Aug 16, 2022 - Economy & Business

Exclusive: Morning Brew building creator program

Photo illustration of, from left, Sigin Ojulu, Emma Chieppor, Jack Appleby and Katie Gatti in a coffee mug.
Photo illustration: Brendan Lynch/Axios. Photos: Sigin Ojulu, Emma Chieppor, Jack Appleby and Katie Gatti.

Morning Brew, the business media company that caters to millennials, has launched a creator program that allows independent personalities to work for the company full time while maintaining separate and distinct products and brands.

Why it matters: The program will help Morning Brew expand into niche areas, like personal finance, entrepreneurship and productivity, said Austin Rief, CEO of Morning Brew. It will also help the company continue to expand into business verticals outside of newsletters.

  • "We believe our audience cares about a lot of these niche topics, and we think the best way to cover those topics is to have a variety of different people, different points of view, who speak differently, all in the same ethos of Morning Brew, but maybe in their own tone and their own style," said Rief.

Details: The company currently works with seven creators, all of which are on Morning Brew's payroll full time.

  • Rief declined to provide details about how the creators are compensated differently from full-time reporters, but he alluded to the fact that they each have unique deals. "We want to understand how we can ensure that creators are incentivized to stay for a long period of time," Rief said.

How it works: Some creators, including Katie Gatti — a 26-year-old podcaster and personal finance writer — have brought their existing brands to Morning Brew to grow them with the support of Morning Brew's infrastructure.

  • Others, like Sigin Ojulu, are launching personal brands on Morning Brew's social channels.
  • Gatti said her newsletter, Money with Katie, has grown from fewer than 10,000 free subscribers to over 100,000 since joining Morning Brew in January. Her social following, she said, is four times larger. Her podcast hit 1 million downloads for 2022 earlier this month.
  • "It really comes down to Morning Brew's distribution," Gatti said. "If they have 4.5 million subscribers already, that's a lot of eyeballs that I can now get in front of that maybe I wouldn't have been able to get in front of before."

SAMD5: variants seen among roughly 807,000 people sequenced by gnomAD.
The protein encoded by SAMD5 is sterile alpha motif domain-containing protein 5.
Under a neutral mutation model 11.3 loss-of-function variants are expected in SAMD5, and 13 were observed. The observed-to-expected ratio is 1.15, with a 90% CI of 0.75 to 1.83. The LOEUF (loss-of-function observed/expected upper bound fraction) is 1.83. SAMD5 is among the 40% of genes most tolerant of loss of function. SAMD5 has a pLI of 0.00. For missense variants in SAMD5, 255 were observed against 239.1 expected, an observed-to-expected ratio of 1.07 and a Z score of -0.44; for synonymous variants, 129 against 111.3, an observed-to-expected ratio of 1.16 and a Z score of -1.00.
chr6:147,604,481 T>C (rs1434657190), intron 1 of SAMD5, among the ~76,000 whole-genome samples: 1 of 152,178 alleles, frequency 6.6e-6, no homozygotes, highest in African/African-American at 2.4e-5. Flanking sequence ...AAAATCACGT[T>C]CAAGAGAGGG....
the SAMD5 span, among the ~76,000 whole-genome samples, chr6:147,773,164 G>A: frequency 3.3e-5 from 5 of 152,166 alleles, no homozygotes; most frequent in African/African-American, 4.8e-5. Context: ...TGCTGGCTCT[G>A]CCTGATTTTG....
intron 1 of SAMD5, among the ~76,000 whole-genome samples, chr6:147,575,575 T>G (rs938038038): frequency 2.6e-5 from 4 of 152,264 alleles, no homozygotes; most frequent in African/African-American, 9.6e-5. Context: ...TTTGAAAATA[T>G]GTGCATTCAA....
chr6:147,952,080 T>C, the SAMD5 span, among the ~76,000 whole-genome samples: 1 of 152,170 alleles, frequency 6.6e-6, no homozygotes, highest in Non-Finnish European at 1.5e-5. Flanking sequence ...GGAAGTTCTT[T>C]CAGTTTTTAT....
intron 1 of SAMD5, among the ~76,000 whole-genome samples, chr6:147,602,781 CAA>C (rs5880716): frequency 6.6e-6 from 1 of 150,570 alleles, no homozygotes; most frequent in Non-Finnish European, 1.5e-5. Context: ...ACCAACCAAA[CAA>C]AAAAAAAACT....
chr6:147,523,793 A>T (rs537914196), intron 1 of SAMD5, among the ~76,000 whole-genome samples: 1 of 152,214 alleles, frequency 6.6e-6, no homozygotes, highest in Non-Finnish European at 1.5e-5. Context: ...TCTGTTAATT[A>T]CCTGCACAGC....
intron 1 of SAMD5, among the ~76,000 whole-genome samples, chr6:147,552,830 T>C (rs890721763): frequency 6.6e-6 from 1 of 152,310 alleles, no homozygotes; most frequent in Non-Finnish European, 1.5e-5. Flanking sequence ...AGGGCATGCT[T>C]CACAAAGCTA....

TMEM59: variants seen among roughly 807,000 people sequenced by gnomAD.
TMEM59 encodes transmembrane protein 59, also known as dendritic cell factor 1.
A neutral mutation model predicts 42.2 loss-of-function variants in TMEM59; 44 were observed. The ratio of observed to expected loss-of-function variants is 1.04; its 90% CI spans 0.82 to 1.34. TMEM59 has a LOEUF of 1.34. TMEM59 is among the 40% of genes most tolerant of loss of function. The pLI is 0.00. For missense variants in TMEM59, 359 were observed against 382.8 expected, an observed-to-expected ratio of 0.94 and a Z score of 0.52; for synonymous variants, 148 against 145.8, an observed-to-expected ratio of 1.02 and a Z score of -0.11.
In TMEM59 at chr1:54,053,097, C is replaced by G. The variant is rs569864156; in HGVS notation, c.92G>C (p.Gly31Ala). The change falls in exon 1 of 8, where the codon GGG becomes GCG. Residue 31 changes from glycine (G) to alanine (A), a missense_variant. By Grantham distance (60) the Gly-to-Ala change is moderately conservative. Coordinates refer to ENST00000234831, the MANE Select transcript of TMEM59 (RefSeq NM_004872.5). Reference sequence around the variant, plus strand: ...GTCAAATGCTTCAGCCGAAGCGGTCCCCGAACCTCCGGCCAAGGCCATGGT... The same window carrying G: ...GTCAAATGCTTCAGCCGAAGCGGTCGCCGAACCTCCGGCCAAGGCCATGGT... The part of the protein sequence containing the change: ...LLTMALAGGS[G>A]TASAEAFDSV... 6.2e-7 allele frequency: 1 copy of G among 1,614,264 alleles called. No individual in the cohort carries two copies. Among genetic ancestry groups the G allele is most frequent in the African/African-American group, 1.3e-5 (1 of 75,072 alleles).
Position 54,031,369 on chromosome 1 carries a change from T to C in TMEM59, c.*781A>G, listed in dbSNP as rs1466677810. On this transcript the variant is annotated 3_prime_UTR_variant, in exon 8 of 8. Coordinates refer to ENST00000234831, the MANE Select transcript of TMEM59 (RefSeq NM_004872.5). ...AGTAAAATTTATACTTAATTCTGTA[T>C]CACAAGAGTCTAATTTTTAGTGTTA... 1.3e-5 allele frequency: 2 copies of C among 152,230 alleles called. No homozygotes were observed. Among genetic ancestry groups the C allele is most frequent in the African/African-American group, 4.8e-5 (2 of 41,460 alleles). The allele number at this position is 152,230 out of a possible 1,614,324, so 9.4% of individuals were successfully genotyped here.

Between the lines: For creators like Gatti, the partnership provides support to be able to launch into new verticals that require cash investments upfront, like merchandise and events.

  • Gatti, as well as Emma Chieppor, the 25-year-old founder of Excel Dictionary, a franchise that focuses on optimizing workplace skills, have both launched merchandise lines with Morning Brew.
  • Gatti sells a line of Rich Girl clothing and accessories, a nod to her finance and savings brand, while Chieppor sells Microsoft Excel spreadsheet guides.

The big picture: Traditional news companies are struggling to strike the right balance between elevating their own brands and the brands of their journalists.

  • That tension has given rise to several news startups that are designed to give journalists more flexibility as creators, such as Puck, Semafor and more recently, The Information.

What to watch: Morning Brew is on pace to bring in over $70 million in revenue this year, up from $46 million in 2021, per AdWeek.

  • The company now has over 300 employees, up from around 60 when it was acquired by Insider in 2020.
  • It currently has around 4.5 million subscribers across 11 free newsletters. In May, Axios reported that the company now has over 1 million email sign-ups across its five business verticals.
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